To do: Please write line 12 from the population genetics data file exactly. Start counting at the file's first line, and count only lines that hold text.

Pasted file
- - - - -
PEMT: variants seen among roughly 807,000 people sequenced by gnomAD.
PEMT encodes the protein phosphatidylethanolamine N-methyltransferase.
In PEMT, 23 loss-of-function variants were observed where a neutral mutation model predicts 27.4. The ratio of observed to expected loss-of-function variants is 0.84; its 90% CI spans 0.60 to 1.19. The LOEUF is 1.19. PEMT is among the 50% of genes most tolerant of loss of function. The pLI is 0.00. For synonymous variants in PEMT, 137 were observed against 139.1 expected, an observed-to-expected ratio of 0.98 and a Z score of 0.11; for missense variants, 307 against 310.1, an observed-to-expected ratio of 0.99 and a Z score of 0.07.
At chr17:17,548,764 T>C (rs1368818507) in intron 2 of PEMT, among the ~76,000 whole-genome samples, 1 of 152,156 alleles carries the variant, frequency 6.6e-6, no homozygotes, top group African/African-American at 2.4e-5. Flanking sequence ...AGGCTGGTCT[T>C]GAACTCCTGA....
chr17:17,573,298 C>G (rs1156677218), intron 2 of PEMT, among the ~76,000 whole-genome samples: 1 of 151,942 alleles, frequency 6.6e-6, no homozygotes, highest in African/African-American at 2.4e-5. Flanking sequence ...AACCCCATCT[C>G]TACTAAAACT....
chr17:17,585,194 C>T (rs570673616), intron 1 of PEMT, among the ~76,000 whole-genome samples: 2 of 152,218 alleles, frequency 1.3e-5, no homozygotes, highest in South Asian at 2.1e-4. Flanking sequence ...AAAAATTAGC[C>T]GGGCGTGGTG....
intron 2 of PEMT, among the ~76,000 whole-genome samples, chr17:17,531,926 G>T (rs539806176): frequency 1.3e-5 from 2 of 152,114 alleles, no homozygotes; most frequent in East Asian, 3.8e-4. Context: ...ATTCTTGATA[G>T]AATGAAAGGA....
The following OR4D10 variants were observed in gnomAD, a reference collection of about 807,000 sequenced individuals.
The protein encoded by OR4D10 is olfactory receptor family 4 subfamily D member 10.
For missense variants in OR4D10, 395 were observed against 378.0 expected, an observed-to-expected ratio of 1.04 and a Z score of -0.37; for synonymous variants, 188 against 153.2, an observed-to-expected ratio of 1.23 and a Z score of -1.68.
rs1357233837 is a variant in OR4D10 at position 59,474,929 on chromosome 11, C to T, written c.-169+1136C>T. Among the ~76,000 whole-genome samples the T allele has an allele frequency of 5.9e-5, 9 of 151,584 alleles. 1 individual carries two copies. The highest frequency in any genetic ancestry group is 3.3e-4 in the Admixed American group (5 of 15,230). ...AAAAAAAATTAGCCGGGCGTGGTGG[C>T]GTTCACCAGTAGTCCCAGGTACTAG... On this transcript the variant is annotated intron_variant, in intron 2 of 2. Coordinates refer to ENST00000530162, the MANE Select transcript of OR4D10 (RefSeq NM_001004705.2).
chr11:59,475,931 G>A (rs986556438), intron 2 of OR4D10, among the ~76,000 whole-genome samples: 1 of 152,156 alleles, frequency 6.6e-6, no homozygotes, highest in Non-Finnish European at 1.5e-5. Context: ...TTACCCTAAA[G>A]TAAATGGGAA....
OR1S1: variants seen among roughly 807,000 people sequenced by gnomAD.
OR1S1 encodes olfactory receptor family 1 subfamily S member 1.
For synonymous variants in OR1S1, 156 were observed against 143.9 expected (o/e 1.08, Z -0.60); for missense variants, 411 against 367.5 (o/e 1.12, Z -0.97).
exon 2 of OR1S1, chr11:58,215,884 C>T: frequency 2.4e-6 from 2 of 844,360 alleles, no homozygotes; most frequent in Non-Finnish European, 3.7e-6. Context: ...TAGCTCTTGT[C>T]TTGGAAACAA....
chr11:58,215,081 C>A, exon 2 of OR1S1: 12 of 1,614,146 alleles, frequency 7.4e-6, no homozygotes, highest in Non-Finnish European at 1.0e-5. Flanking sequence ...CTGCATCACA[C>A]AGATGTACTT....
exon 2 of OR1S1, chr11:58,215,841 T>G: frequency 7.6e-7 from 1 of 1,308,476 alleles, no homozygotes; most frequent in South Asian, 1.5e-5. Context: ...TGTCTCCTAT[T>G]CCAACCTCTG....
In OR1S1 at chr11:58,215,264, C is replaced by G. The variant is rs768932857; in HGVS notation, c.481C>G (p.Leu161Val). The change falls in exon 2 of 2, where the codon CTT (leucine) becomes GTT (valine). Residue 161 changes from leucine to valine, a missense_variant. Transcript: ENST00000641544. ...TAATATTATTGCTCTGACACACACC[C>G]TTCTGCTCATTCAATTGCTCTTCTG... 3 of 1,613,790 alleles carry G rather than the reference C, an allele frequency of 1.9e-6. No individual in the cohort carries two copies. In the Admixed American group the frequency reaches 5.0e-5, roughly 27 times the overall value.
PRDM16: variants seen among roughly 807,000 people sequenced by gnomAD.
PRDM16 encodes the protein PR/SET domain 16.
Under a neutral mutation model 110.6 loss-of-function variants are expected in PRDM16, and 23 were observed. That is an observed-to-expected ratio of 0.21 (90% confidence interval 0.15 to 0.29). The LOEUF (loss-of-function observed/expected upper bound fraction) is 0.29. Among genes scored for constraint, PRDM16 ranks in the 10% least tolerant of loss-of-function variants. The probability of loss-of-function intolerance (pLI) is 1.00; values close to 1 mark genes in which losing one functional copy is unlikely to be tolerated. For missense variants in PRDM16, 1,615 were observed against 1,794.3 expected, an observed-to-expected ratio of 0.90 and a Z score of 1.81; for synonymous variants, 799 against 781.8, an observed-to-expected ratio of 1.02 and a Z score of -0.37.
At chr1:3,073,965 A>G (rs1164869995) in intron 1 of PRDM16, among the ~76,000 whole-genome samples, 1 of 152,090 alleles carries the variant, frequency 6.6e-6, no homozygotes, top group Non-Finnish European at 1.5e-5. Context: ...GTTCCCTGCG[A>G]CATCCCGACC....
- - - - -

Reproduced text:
chr11:59,475,931 G>A (rs986556438), intron 2 of OR4D10, among the ~76,000 whole-genome samples: 1 of 152,156 alleles, frequency 6.6e-6, no homozygotes, highest in Non-Finnish European at 1.5e-5. Context: ...TTACCCTAAA[G>A]TAAATGGGAA....